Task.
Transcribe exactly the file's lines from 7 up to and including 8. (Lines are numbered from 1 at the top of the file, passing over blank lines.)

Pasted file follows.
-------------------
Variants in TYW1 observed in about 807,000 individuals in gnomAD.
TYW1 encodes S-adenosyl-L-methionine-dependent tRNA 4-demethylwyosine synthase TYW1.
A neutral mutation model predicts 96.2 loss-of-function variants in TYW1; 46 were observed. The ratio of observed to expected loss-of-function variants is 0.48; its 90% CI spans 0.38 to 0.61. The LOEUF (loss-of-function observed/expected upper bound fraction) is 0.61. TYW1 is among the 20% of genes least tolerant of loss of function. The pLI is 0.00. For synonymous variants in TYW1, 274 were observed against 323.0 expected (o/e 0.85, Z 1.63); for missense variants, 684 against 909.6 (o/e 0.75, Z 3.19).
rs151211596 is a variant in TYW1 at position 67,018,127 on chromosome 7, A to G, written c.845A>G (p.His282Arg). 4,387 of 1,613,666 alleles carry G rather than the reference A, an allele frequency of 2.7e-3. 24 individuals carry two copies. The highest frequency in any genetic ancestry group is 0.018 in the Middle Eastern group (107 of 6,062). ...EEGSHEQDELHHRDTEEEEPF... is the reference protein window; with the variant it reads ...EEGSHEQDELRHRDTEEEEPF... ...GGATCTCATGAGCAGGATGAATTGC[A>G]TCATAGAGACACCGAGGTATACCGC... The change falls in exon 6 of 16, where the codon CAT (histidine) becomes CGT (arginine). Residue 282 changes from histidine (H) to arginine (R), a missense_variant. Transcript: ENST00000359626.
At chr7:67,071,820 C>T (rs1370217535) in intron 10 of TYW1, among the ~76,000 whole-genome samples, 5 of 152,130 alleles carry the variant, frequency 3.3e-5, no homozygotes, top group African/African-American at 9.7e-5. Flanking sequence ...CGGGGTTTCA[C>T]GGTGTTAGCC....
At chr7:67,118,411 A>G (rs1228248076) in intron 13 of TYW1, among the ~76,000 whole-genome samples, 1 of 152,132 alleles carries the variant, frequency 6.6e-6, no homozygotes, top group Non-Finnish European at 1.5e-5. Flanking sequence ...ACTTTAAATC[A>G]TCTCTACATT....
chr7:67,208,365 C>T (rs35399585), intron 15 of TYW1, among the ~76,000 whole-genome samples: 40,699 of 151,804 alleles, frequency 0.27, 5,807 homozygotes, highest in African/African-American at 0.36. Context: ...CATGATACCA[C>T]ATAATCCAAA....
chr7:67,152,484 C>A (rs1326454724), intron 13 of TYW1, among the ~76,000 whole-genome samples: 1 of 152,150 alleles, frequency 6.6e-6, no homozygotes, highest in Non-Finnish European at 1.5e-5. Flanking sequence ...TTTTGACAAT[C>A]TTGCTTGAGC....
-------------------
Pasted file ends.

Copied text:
chr7:67,208,365 C>T (rs35399585), intron 15 of TYW1, among the ~76,000 whole-genome samples: 40,699 of 151,804 alleles, frequency 0.27, 5,807 homozygotes, highest in African/African-American at 0.36. Context: ...CATGATACCA[C>T]ATAATCCAAA....
chr7:67,152,484 C>A (rs1326454724), intron 13 of TYW1, among the ~76,000 whole-genome samples: 1 of 152,150 alleles, frequency 6.6e-6, no homozygotes, highest in Non-Finnish European at 1.5e-5. Flanking sequence ...TTTTGACAAT[C>A]TTGCTTGAGC....